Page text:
What’s Up with Pantheon’s Summit Lineup?

Pantheon’s Summit Series includes the Nexus, Gaia and CHiller Pro made in a new, high-tech composite construction developed in tandem with World Tree Workshop.

The construction features two pieces of vertically laminated poplar to form the core. The core is then wet laid with carbon fiber when pressed. The result is an incredibly strong and light deck. You’ll get snappy feedback, easier pushes up the hill and more resilience to curb smashes with the Summit Series – rugged sex appeal.

Follow along as we get into some detail on this new series with Pantheon.

Pantheon is constantly striving to create the perfect decks, whether that be small changes to concave or construction, but what are your typical R&D methods and how did that help you achieve the new Summit lineup?

Typical R&D method starts with a design concept in the head. Sometimes this step takes a lot of time. Sometimes I’ll have an idea and start working on it and I may not come back to it for weeks or even months, or at all. But at some point, a spark of inspiration hits and I feel compelled to act. Generally I don’t act on anything until the project calls me to do so. I’ll halfway make it through some projects and not pull the trigger if it doesn’t feel right.

As far as the Summit Series is concerned, that’s been a LONG time coming. I’m not going to pretend to have come up with the idea of a soft wood core with carbon fiber and urethane bumpers. So, that we’re making them is more of a reaction to the market than it is an innovation in it. We want to be in the conversation–if not the subject of it–when it comes to the absolute pinnacle of longboard products, in both shape as well as construction. But I’ve been talking to Sage at World Tree Workshop about making this construction for about two years, at least, and basically I told him that when he was ready to do solid wood cores, we’d be ready to pull that trigger. A recent manufacturing move for him really solidified that. Basically we are running out of maple there and I just wanted to help him work through his maple order before we asked him to buy a bunch of poplar.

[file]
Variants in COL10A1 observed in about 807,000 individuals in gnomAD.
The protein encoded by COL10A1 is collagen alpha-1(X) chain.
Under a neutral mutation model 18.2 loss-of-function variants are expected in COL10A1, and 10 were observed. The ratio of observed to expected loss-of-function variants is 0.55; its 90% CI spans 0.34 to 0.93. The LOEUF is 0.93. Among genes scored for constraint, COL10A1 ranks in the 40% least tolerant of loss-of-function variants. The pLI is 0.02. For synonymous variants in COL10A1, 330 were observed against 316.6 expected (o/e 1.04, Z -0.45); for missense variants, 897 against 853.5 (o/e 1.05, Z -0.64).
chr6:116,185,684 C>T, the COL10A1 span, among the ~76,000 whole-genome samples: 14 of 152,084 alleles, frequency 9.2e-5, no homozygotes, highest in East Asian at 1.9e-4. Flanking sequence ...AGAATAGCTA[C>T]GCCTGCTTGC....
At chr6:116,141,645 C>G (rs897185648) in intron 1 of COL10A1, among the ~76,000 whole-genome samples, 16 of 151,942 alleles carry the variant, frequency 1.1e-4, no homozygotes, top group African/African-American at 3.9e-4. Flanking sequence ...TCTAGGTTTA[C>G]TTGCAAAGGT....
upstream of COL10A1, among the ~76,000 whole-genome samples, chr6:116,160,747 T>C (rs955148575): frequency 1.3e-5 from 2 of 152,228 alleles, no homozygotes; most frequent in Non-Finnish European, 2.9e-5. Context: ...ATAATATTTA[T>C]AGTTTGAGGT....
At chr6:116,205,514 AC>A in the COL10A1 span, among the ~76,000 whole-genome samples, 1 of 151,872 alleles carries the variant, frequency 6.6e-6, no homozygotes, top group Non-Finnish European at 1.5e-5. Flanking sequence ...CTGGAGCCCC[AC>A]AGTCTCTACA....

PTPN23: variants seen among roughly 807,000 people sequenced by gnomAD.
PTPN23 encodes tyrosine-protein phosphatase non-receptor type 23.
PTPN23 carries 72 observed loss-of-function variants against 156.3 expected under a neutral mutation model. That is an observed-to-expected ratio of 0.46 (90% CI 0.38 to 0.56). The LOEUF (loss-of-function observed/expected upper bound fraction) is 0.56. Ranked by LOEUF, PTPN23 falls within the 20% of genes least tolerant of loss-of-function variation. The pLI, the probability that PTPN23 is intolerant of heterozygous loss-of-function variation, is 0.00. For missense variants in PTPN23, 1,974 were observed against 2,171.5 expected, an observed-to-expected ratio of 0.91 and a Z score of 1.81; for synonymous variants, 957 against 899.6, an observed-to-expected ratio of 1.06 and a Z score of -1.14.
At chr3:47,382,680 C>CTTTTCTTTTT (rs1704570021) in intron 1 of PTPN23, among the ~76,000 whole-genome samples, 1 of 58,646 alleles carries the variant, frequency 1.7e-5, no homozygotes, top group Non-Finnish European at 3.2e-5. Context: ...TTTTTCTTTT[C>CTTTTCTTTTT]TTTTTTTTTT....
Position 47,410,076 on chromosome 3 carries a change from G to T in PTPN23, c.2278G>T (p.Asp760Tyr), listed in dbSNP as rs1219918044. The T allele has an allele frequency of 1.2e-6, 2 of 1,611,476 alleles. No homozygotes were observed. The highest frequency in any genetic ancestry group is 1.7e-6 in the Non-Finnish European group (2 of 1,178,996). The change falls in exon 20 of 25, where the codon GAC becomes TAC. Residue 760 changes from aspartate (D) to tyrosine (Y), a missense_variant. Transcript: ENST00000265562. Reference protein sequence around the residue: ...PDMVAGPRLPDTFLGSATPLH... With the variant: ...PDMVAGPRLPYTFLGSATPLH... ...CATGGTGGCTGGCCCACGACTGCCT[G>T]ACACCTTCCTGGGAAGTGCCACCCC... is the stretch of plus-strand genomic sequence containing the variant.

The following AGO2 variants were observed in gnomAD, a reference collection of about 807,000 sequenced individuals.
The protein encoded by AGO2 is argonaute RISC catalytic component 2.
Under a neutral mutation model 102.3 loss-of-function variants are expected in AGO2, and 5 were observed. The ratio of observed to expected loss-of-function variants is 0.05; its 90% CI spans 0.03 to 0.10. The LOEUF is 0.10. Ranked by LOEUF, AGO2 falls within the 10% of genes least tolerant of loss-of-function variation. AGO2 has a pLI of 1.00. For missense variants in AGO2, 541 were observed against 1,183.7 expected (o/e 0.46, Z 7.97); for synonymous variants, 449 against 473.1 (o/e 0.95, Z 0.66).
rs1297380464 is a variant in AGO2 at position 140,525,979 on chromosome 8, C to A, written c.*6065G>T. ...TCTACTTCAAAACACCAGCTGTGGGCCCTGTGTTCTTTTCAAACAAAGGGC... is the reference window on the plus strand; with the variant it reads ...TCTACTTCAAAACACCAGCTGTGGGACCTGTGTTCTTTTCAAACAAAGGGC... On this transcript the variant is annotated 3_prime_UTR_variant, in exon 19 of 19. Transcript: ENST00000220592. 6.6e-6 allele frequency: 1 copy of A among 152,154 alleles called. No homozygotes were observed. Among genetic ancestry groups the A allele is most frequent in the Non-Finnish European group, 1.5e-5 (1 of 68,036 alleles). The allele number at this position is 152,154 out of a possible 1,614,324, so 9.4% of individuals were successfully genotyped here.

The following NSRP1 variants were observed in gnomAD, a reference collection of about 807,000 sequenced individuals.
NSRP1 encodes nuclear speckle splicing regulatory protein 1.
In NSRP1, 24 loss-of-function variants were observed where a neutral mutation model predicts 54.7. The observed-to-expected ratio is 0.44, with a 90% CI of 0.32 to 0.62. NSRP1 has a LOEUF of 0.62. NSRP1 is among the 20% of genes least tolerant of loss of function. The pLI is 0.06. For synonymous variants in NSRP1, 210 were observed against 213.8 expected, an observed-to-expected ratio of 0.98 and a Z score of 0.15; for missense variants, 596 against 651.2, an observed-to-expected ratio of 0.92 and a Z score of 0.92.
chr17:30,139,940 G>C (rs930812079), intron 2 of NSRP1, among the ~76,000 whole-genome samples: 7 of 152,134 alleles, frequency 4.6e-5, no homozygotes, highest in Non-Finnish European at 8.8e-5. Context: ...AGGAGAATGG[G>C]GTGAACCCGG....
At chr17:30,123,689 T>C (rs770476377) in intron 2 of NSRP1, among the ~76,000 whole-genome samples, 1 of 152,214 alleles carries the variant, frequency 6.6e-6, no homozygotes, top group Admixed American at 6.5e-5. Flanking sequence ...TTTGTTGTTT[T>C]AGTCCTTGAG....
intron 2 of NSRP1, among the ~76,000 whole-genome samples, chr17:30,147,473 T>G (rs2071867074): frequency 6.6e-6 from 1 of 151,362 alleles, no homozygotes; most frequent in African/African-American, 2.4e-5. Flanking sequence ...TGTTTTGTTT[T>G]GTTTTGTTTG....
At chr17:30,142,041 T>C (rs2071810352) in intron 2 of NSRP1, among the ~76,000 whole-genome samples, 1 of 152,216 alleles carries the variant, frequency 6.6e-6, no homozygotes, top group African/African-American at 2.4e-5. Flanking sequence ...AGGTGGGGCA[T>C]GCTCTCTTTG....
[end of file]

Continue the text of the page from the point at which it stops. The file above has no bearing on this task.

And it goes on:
Combine that set of circumstances with the fact that we are really solidified on at least a few of our molds to the point where I don’t think we can improve on the shapes. It’s been 4 to 5 years of tweaking. I know that we have these shapes like the Scoot and Gaia totally finished. At this point, material and construction refinement is all that’s left.

The new Summit lineup features a poplar core, with nose/tail urethane bumpers all wrapped in carbon; what benefits will riders see switching to this new construction? Did you run into any issues designing this new lineup?

The main benefit riders will see is far lighter and incrementally stronger construction when compared to the maple/carbon builds we were doing in our last runs. The bumpers definitely can take a beating, which is especially useful for our downhill racing team when they’re on the road. I don’t want something happening on the race course and all of a sudden Chase or Andy aren’t able to ride their deck. I’m sure there could still be extenuating circumstances, but risk factor has been further reduced. I anticipate that the decks will remain more intact over a longer period of time, as well. If you look at some of the old maple builds that Chase has ridden in the past, for example, they are absolutely beat to shit. I take pride in that, for sure. I love seeing a beaten deck. But equally, I want him to be riding a whole deck whenever possible!